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Mac OS X: The Missing Manual, Panther Edition by David Pogue

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Classic: Mac OS 9 on Mac OS X

If you still harbor the notion, propagated by certain old Mac books, that it’s bad form to have two System folders on the same hard drive, welcome to the 21st century. When you use Mac OS X, it’s not only a good idea to have two System folders, it’s almost a requirement. You should have one copy of Mac OS X, and at least one copy of Mac OS 9. (Appendix A describes various ways to set all this up.)

It’s easy to spot the Mac OS 9 System folder on your drive, as shown in Figure 5-1.

When you’re running Mac OS X, the System Folder that contains Mac OS 9 is clearly marked by the golden 9. Only one System Folder per disk may bear this logo, which indicates that it’s the only one officially recognized by the Mac. (As the programmers say, it’s the “blessed” System Folder.)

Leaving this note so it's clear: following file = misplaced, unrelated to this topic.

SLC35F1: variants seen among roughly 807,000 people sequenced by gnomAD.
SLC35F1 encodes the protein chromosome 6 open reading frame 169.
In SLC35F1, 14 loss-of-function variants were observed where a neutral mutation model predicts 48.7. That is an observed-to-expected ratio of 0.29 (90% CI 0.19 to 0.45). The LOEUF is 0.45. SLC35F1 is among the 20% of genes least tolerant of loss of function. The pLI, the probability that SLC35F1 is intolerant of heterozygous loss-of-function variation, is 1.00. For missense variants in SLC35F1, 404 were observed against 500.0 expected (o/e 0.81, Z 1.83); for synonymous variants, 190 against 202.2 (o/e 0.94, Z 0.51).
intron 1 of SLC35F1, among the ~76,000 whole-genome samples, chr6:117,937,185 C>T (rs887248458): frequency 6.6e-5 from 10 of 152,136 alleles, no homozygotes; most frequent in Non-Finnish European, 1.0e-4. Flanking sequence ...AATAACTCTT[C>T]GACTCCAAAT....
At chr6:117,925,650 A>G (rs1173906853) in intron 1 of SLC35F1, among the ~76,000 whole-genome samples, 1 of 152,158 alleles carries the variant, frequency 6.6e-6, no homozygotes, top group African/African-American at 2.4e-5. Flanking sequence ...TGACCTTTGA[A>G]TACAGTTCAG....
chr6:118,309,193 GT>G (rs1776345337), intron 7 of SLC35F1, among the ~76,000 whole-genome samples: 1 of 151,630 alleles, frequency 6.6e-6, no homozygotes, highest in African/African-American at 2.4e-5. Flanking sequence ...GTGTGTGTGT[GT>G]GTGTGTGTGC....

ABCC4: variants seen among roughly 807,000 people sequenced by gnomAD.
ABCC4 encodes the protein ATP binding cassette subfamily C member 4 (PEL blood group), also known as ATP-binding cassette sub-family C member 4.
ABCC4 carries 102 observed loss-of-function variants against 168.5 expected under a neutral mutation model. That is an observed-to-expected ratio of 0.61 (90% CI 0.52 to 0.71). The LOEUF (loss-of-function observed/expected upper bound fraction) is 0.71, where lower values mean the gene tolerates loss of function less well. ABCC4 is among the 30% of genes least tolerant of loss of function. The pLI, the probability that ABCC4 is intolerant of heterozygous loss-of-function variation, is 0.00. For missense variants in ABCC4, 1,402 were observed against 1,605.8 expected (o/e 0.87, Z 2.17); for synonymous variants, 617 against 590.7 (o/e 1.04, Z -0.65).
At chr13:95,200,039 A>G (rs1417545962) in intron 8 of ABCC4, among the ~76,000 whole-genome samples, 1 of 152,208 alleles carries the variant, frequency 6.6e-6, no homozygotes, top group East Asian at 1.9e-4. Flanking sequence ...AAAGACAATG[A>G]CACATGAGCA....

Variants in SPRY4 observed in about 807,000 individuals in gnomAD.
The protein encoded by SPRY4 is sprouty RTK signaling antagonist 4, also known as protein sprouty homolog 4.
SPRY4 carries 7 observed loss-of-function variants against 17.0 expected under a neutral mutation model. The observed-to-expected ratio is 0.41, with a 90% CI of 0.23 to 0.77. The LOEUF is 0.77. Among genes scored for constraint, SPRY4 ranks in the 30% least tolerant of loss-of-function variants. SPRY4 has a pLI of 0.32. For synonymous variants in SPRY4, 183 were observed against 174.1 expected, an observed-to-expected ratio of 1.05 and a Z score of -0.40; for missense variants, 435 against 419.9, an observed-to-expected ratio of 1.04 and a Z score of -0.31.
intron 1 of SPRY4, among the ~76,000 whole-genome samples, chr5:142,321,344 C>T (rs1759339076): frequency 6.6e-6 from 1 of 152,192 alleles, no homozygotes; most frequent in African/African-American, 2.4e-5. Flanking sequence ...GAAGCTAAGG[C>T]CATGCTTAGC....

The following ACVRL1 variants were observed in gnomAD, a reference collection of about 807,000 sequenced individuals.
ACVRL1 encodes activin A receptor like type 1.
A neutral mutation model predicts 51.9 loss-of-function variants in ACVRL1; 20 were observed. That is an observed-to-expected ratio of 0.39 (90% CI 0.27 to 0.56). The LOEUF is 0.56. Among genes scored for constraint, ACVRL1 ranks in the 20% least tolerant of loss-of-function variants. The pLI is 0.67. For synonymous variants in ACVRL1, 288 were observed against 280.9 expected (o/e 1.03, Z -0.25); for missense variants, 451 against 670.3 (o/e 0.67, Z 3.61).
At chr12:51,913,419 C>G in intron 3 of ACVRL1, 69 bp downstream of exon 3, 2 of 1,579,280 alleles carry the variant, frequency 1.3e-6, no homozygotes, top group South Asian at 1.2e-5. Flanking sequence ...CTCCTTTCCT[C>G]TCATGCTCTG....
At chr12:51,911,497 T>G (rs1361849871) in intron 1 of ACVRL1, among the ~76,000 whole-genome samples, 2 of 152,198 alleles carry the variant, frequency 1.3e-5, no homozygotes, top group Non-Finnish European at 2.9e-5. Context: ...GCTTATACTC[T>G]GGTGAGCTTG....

Figure 5-1. When you’re running Mac OS X, the System Folder that contains Mac OS 9 is clearly marked by the golden 9. Only one System Folder per disk may bear this logo, which indicates that it’s the only one officially recognized by the Mac. (As the programmers say, it’s the “blessed” System Folder.)

How to Start Classic

You can start up your Classic program in any of several ways.

Double-click a Mac OS 9 program

The most common method of launching Classic is simply double-clicking the icon of a pre-Mac OS X program. Your Mac concludes: “Well, this program won’t run in Mac OS X, so I’ll just go ahead and launch your Mac OS 9 simulator.”

At this point, several things happen. The very first time you ever run Classic, you may see a message that says, “Classic needs to update resources in your selected Classic system folder.” Mac OS X is telling you that your Mac OS 9 System Folder requires ...

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